Five tips for getting the most out of Windows 10

Windows 10 has been available publicly for just under two weeks now, and for the most part, it seems like it's been a case of so far so good. While some users have had issues with their copies, Microsoft racked up an impressive 14 million installs in the first 24 hours. To top it off, the critical response – including our own – has been positive across the board.

Windows 10 has been available publicly for just under two weeks now, and for the most part, it seems like it's been a case of so far so good. While some users have had issues with their copies, Microsoft racked up an impressive 14 million installs in the first 24 hours. To top it off, the critical response – including our own – has been positive across the board.

If you're eligible for a free copy, there's very little reason to hold off on upgrading to Windows 10. Here's five tips for getting the most out of your new operating system.

Cortana 
Cortana is one of Windows 10's most exciting features, but unfortunately she's not officially available in Australia yet. While Microsoft has promised us a localised beta version of Cortana before the end of August, you can turn her on now by changing your location. Both the United States and United Kingdom have a localised version of Cortana, so you can comfortably select either country if you want to try the feature out. United Kingdom will be the better option for most, due to the country's use of the metric system.

You can set your location by opening Control Panel, selecting "Clock, Language and Region", and clicking on "Language". From there, select "Change date, time or number formats", jump to the "Location" tab, choose "United Kingdom" from the drop down menu and tap "OK".

After you've enabled Cortana, you can use her settings to allow her to always listen; once this is done, she can respond to any query you preface with "Hey Cortana". If you do this, it's best to also train Cortana to only respond to your voice. This will save you a lot of strife, especially if you have children or cheeky colleagues.

In my time with Windows 10, I've found Cortana's greatest strength to be her ability to respond to natural language queries such as "find all spreadsheets I've worked on in the last two weeks". While you can achieve a similar result through Windows 10's search bar, I've found speaking to Cortana is a much faster, convenient way of doing this.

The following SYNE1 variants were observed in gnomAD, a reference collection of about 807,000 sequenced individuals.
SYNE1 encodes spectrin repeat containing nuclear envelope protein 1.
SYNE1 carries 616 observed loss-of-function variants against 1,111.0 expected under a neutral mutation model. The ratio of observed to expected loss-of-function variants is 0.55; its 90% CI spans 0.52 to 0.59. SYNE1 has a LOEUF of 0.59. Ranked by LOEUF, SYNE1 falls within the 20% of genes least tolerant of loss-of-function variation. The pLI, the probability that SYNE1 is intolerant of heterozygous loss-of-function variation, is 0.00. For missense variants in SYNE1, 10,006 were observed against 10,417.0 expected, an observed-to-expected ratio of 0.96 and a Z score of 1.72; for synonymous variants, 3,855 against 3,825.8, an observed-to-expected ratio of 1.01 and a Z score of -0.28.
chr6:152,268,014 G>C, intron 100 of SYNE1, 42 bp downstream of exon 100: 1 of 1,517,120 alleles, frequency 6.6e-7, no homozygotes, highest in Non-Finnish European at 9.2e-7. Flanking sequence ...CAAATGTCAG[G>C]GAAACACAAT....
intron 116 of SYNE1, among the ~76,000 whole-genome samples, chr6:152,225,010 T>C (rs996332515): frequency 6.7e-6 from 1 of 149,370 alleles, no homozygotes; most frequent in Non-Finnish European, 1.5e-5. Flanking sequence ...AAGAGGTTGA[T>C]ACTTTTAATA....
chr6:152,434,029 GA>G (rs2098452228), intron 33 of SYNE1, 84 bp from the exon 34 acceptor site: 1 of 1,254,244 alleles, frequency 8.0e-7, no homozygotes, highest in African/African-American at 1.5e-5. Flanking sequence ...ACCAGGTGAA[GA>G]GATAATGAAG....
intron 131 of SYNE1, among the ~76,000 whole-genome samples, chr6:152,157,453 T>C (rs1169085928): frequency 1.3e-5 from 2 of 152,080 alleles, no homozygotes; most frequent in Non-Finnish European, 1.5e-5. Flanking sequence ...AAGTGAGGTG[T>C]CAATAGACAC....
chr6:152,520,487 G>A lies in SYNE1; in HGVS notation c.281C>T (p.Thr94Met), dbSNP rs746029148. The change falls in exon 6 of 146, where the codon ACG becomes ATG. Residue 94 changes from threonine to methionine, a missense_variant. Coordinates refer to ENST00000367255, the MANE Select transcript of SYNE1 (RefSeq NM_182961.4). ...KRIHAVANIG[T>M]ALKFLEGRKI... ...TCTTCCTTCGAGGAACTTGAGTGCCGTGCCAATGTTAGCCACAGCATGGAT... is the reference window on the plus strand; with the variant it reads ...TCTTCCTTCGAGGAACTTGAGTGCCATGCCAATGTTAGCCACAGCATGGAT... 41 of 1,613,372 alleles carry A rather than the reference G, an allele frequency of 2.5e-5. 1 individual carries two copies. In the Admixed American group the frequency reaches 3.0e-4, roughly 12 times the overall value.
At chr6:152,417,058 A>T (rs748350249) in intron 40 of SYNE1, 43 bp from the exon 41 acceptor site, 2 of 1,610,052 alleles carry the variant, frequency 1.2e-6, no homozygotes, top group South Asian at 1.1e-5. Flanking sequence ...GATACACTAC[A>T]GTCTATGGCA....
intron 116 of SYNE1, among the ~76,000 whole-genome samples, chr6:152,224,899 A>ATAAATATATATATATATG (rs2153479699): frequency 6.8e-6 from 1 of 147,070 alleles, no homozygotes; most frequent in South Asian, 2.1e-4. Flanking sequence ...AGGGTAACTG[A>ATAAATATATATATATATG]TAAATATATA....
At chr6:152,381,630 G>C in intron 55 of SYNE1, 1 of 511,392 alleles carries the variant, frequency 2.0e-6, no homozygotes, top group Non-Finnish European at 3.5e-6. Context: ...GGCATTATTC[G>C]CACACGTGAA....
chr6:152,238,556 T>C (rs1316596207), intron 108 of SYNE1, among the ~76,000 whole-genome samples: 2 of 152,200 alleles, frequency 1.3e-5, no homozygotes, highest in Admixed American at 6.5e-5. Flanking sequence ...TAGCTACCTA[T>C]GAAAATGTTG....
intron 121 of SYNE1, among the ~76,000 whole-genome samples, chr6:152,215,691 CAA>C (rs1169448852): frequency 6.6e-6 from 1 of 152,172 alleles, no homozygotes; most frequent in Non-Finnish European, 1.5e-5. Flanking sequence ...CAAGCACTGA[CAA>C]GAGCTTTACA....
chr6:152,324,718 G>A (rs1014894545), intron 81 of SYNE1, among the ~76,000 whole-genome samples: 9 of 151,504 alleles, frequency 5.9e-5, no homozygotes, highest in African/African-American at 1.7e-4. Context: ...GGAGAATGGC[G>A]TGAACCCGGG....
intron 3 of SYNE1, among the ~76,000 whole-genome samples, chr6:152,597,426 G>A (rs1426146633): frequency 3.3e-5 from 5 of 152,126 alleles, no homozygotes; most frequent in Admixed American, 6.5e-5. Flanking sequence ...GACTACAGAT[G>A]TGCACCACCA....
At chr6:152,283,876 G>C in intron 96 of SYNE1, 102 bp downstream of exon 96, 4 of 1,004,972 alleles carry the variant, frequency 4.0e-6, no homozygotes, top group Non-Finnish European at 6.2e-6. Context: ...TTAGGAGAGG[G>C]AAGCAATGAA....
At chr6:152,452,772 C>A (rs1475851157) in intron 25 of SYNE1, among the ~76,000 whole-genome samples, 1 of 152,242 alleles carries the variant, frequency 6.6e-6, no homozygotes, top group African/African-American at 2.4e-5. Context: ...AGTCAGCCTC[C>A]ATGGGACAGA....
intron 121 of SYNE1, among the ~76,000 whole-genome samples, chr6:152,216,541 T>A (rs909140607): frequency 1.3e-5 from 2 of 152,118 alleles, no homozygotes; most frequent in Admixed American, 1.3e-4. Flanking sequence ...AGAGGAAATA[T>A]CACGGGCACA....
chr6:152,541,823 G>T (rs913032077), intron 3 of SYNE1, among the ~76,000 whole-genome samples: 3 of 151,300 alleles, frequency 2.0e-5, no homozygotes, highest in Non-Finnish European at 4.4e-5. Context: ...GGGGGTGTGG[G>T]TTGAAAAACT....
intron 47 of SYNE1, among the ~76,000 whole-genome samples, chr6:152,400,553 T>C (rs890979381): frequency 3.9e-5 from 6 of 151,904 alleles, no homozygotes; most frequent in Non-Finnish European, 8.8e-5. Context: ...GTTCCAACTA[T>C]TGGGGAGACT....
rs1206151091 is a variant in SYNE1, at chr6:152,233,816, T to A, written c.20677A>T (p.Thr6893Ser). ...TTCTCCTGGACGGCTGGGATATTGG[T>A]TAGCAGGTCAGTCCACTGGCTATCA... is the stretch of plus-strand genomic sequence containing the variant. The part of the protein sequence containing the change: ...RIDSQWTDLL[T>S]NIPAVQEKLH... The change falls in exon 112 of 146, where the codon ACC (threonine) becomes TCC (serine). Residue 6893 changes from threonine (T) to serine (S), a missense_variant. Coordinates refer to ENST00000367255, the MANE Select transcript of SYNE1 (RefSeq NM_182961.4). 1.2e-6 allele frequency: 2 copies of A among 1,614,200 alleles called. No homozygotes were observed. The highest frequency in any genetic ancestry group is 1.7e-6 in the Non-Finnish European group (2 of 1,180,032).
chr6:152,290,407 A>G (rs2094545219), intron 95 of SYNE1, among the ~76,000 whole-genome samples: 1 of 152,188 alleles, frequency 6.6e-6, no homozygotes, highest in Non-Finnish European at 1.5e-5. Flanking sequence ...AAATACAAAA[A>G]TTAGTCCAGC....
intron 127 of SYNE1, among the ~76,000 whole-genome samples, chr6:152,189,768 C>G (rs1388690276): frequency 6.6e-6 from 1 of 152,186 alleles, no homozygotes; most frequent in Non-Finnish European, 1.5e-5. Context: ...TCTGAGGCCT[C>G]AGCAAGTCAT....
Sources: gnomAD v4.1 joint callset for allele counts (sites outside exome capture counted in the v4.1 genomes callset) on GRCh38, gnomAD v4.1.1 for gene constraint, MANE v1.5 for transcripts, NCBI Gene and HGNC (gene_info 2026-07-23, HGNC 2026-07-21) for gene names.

Virtual Desktops 
Virtual Desktops is a feature that Linux and OS X users have had access to for years, but has only just made it to Windows; I'm not the first to say this, but it's about time.

Virtual Desktops are a godsend when you've only got one monitor to work with. In fact, I'd describe them as a fake multi-monitor setup. They allow you to have several difference workspaces (containing multiple apps) open at once, and jump between these; it's like Alt + Tab on steroids.

Tapping Windows + Tab will bring up Task View menu that allows you to see your existing virtual desktops, as well as create new ones.

Alternatively, these are the shortcuts you'll need:

Create new virtual desktop: Windows + Ctrl + D
Close current virtual desktop: Windows + Ctrl + F4
Switch virtual desktop: Windows + Ctrl + Left or Windows + Ctrl + Right

Offline Maps 
Much like OS X, Windows 10 now features an integrated Maps app. While many will fall back on the familiarity of the browser-based Google Maps, the new Maps app allows you to download Maps for offline use – perfect for those rare times when you don't have any connectivity.

To enable offline Maps, you need to open up the new "Settings" menu, click on "System" and select "Offline Maps". From there, you can press the "Download Maps" button and select which ones you want to keep. Most Maps range between 50MB and 500MB in size. A map of Australia is one of the larger options available for downloading, coming in at 451MB.

Record On-Screen Video of (Almost) Anything 
Even if you're not a gamer, Windows 10's new Xbox app could still be of use. One of its coolest features is being able to record video of a game you're playing using the Windows + G shortcut, and while it's predominantly designed for videogames, you can almost use it operating system wide.

The one downside is that you don't have too much control over settings such as frame-rate, but if you need to capture on-screen footage of what you're doing, the Xbox app gives you a simple option that's built right into the operating system.

By default, recorded video is saved under "Captures" in your "Videos" folder, or can be found in the Xbox app.

Windows Explorer menus and the desktop are two of the only things that you can't record using this method.

Wi-Fi Sense 
Wi-Fi Sense is another new Windows 10 feature, this time taken from Windows Phone. It's actually one of the operating system's more controversial features as it allows your Skype and Outlook contacts to automatically connect to your wireless network without the need for a password.

While this sounds good in theory, sharing is indiscriminate – you don't get to pick and choose who gets password-less access to your network; it's a case of all or nothing. If you don't like the sound of this, you can disable it by opening up "Settings", going to "Manage Wi-Fi Settings" and turning Wi-Fi Sense off.

The other issue with Wi-Fi Sense is that if you give someone the password to your network when they visit, they might be able to share it with their contacts. You can address this by appending "_optout" to the end of your wireless network's name or SSID. This does however mean you'll need to reconnect your devices to your new network.

Leave a Reply